10 May 2018Trademarks

Marriott fails in hotel TM opposition at UKIPO

Marriott Worldwide Corporation has failed in its attempt to block the registration of a UK trademark.

On May 3, the UK Intellectual Property Office (IPO) rejected the company’s opposition to ‘JacHotels’, a mark applied for by JacTravel, a supplier of hotel accommodation for the travel industry.

Filed in July 2015, the trademark covers class 39 (which includes transport and travel information) and class 43 (which includes the provision of holiday accommodation).

Marriott and its subsidiary ACHM Global Hospitality Licensing relied on EU trademarks ‘AC Hotels’ (number 2,549,087) and ‘AC Hotel’ (number 13,894,944).

AC Hotels is a chain of hotels owned by Marriott. There are 132 hotels, 81 in the EU (61 of which are in Spain), with two of those based in the UK.

Oliver Morris, on behalf of the IPO, said: “Other than retirement home services and crèche services, the applied-for services all strike me as identical (or similar to the very highest degree) to terms in the opponents’ class 43 specification.”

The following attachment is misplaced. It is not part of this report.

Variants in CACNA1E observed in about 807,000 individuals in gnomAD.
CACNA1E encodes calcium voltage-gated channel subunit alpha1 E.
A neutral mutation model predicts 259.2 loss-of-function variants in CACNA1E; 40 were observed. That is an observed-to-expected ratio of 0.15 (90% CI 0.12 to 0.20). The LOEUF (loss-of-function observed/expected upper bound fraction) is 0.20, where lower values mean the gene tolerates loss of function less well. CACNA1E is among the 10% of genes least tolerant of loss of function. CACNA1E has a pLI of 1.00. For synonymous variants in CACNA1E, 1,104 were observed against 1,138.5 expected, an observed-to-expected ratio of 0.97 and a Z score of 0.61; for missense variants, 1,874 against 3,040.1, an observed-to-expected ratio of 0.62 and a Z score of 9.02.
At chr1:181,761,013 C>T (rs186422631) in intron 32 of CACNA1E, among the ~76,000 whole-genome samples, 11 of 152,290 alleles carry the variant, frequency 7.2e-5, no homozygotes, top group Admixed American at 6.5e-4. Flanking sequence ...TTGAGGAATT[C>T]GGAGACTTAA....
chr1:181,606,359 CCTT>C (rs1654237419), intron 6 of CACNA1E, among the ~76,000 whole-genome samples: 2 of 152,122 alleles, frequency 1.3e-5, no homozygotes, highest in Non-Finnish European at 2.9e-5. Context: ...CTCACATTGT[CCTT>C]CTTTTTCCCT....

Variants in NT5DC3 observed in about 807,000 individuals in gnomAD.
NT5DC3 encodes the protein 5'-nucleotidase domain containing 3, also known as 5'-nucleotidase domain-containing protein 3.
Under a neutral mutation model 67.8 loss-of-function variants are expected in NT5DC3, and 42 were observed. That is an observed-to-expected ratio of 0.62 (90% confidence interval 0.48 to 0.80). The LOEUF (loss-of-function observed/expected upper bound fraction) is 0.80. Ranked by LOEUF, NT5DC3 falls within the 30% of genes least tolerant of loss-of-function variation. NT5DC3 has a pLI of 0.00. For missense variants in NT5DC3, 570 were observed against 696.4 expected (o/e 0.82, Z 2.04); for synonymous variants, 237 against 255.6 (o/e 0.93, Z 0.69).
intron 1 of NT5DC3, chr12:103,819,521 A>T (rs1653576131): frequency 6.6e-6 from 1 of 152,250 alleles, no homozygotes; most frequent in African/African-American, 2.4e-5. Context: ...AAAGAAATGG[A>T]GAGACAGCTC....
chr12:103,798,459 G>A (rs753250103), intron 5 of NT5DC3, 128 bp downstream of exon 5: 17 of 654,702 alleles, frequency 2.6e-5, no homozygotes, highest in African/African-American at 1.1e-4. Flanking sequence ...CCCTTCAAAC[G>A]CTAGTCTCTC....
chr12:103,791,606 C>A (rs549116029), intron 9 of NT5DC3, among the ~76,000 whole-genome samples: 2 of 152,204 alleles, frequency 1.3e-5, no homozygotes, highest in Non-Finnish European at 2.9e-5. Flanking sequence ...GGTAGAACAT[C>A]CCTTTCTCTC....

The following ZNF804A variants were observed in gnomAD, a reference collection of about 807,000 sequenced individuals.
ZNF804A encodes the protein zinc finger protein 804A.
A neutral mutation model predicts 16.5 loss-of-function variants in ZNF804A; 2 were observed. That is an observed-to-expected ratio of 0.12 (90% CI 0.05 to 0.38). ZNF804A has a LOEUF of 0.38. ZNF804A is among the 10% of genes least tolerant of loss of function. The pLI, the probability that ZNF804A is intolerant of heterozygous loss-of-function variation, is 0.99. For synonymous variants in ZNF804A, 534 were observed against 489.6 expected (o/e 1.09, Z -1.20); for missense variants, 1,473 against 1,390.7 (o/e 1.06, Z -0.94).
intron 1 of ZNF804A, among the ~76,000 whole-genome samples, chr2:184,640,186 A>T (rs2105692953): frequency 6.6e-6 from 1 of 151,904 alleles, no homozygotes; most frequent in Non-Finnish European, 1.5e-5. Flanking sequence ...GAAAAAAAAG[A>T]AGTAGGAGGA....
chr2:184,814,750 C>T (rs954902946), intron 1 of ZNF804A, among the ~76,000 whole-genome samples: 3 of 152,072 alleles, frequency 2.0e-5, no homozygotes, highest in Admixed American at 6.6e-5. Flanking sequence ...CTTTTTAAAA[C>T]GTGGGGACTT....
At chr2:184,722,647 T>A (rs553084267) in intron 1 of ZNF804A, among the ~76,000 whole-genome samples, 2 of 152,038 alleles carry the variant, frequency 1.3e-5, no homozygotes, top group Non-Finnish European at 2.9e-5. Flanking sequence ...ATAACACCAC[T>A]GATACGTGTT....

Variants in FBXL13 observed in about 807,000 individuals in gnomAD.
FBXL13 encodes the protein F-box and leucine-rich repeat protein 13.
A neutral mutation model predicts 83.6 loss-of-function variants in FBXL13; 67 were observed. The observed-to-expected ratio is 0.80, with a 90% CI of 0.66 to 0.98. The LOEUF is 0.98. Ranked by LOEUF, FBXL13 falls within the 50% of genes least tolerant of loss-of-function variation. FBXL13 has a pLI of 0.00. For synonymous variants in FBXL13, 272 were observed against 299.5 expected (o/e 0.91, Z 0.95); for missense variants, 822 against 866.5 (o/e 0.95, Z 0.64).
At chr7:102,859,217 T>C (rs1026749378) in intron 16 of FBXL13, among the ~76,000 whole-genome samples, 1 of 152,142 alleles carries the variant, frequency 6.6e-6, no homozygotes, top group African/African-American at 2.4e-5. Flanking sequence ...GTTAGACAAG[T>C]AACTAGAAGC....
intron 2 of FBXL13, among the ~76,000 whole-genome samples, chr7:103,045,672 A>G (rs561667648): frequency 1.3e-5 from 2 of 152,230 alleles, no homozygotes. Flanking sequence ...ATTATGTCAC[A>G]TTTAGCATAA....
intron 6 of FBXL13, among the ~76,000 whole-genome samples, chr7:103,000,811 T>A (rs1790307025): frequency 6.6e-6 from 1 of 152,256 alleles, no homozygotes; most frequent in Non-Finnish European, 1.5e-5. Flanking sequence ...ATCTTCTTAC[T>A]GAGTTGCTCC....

He added that the average consumer would have a normal degree of care and attention when buying and that the services will often be considered through looking at brochures and websites, which suggests that the visual impacts of the marks are important.

However, aural impact is also important, added Morris, because this is a “field in which advice is often sought from a person such as a travel agent when booking a hotel for example”.

When comparing the marks, the IPO found that given the subordinate role that Hotel/Hotels plays in the marks, the overall impression of the trademarks will be dominated by ‘Jac’ or ‘AC’.

As both marks contain the letters ‘ac’, they have a medium degree of visual similarity.

“In my view, the Jac element will be pronounced in the same way as the male forename Jack. The letters that make up the element are structured in a way (with a vowel separating two consonants) that lends itself to articulation as a word. That is not the case for AC,” added Morris, finding that there is only a low degree of aural similarity.

Conceptually, Morris concluded that AC is likely to be articulated on the basis of the letters themselves, “creating no real concept”.

The IPO found that there would be no confusion between the marks and concluded that Marriott’s opposition had failed.

Marriott was ordered to pay JacTravel £700 ($947) in costs.

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15 March 2018   The EU General Court has today annulled the European Union Intellectual Property Office’s (EUIPO) rejection of Marriott Worldwide Corporation’s application to invalidate a trademark.